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Fri January 13, 2012
Checking in on the state's budget
We all like to know the balance in our checking or our savings account, right? My guess is, every so often, you go online or you go to the bank and you see what your balance looks like. Maybe, if you’ve got a few extra bucks, you buy yourself something nice. Or, maybe the account is a little dry and, then, you know it’s time to cut back. Well, just like you, the state has an account… given, it’s probably MUCH larger… with many more zeros than you have… but the idea is the same.
This morning, in Lansing, the officials that keep an eye on the state’s bank account met at what’s officially called the Revenue Estimating Conference. Rick Pluta, Lansing Bureau Chief for the Michigan Public Radio Network was at the conference, and he spoke with me this afternoon from the Capitol building about what the numbers for the state's "bank account" look like for 2012.
To boil it down, consider some basic questions you might ask about your own finances:
- How much? : Pluta reports that a figure of $1 billion in budget surplus has been tossed around a lot by reporters over the last few days, but once upcoming spending pressures for 2012 are factored in, that number comes down to roughly $457 million.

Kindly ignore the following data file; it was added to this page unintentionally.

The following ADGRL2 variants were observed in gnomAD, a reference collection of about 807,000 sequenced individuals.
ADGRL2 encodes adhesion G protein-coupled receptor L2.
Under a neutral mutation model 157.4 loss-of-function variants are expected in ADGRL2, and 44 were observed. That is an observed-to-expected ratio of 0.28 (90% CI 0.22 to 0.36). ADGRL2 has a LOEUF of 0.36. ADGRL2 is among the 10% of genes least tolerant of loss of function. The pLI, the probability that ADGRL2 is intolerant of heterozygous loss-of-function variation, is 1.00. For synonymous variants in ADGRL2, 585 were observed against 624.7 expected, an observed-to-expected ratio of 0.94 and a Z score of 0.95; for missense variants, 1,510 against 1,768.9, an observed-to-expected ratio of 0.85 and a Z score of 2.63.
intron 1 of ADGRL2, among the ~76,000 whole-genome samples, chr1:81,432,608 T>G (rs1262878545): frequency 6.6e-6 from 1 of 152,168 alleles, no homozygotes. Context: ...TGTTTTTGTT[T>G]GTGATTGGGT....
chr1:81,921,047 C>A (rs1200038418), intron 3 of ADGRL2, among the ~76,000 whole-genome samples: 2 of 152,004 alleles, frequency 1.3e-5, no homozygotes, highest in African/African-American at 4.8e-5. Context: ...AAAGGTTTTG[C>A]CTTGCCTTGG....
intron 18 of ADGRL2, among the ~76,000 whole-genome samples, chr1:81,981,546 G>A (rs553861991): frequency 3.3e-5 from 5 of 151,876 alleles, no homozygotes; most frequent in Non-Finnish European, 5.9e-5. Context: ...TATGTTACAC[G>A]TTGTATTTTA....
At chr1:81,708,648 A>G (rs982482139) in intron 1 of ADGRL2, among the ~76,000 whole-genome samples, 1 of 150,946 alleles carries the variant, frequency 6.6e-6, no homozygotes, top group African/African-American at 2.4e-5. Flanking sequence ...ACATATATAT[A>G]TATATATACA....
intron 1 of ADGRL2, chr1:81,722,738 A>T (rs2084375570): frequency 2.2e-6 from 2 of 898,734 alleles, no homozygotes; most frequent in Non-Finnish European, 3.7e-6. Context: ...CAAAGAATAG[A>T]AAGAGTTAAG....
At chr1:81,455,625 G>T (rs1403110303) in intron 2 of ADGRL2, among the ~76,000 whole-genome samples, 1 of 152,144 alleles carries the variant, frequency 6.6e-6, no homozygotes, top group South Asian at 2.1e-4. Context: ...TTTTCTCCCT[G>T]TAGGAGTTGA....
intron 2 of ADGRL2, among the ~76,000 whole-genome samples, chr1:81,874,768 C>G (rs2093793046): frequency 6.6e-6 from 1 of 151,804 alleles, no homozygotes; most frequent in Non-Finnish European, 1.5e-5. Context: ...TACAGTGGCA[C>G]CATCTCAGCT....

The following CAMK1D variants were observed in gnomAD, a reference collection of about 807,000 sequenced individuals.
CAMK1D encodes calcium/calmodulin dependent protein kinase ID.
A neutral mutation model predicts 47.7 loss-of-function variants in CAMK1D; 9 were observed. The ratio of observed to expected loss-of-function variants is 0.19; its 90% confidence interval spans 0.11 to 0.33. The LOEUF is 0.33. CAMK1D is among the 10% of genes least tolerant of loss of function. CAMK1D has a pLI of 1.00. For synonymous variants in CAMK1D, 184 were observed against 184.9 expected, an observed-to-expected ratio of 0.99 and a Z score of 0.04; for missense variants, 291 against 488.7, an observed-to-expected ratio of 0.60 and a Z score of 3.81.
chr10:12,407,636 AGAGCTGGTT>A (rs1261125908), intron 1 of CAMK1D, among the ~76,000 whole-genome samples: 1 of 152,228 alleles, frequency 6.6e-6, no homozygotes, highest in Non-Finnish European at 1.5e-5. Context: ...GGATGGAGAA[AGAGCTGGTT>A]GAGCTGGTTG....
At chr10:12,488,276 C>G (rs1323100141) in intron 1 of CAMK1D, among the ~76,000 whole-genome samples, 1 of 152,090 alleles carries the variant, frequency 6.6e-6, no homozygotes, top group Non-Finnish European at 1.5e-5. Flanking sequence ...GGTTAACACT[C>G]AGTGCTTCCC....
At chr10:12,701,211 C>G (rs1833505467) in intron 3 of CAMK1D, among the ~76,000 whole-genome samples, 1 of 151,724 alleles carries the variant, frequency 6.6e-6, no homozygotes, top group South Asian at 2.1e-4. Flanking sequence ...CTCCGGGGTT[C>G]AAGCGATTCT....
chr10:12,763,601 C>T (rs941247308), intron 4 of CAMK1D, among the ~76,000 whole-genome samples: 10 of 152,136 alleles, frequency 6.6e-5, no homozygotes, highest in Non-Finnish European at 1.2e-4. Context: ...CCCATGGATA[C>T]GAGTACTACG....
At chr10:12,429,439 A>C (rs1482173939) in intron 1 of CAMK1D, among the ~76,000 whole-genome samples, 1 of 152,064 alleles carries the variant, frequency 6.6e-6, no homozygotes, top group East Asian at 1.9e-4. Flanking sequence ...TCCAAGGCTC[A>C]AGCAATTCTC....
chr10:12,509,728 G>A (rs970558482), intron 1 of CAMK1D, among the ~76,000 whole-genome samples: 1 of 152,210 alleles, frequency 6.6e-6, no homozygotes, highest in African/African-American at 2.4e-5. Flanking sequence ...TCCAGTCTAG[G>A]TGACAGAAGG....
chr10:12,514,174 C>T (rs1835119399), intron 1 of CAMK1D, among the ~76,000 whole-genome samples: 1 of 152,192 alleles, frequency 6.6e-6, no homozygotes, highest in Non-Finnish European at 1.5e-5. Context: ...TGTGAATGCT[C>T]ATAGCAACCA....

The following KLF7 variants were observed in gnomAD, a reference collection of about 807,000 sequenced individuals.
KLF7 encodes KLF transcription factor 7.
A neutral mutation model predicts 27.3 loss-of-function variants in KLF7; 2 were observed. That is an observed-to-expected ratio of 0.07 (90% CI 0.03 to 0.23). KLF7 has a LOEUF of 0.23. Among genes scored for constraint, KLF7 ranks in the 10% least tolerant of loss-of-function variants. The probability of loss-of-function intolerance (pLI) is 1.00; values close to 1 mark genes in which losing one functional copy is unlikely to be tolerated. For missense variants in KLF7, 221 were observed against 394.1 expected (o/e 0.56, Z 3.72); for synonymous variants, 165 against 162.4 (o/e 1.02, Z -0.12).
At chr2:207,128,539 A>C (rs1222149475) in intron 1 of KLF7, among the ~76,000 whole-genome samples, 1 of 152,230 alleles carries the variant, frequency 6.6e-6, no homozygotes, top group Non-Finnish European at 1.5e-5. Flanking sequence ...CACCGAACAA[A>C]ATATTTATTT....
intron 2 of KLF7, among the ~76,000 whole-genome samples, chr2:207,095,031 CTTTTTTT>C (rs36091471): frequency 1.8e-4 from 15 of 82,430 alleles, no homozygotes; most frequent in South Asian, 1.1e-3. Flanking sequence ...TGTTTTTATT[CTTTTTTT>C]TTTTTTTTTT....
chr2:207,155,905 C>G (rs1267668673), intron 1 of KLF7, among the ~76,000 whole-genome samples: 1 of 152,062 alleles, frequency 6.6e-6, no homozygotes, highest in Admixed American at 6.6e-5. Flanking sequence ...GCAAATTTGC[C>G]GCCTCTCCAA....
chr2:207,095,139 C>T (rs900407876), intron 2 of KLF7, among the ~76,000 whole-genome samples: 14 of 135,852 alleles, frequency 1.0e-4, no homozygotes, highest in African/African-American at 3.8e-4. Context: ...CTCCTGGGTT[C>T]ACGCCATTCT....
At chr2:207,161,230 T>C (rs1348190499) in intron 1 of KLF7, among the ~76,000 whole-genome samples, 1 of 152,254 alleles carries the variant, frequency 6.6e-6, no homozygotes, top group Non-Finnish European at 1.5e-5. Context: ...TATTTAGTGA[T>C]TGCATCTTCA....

- Spend or save? : Pluta says that according to the state's budget director, some surplus money could go into things like Medicaid and schools, but to improve the state's bond ratings, a portion will also likely go into savings.
- What about the economy? : Economists also weighed in at the conference and according to Pluta, the general consensus was that Michigan saw decent economic improvement early on in 2011 with growth of about 64,000 jobs for the year, but in recent moths things have become more sluggish--a trend that is expected to continue in 2012. Economists predict growth to the tune of roughly 27,000 new jobs in the state.
- What does the governor think? : Okay, so maybe you wouldn't ask yourself that question when thinking about your banking, but Pluta reports that regarding the state's money, Governor Rick Snyder plans to release recommendations soon, both about how the surplus should be used and what the next fiscal-year budget should look like.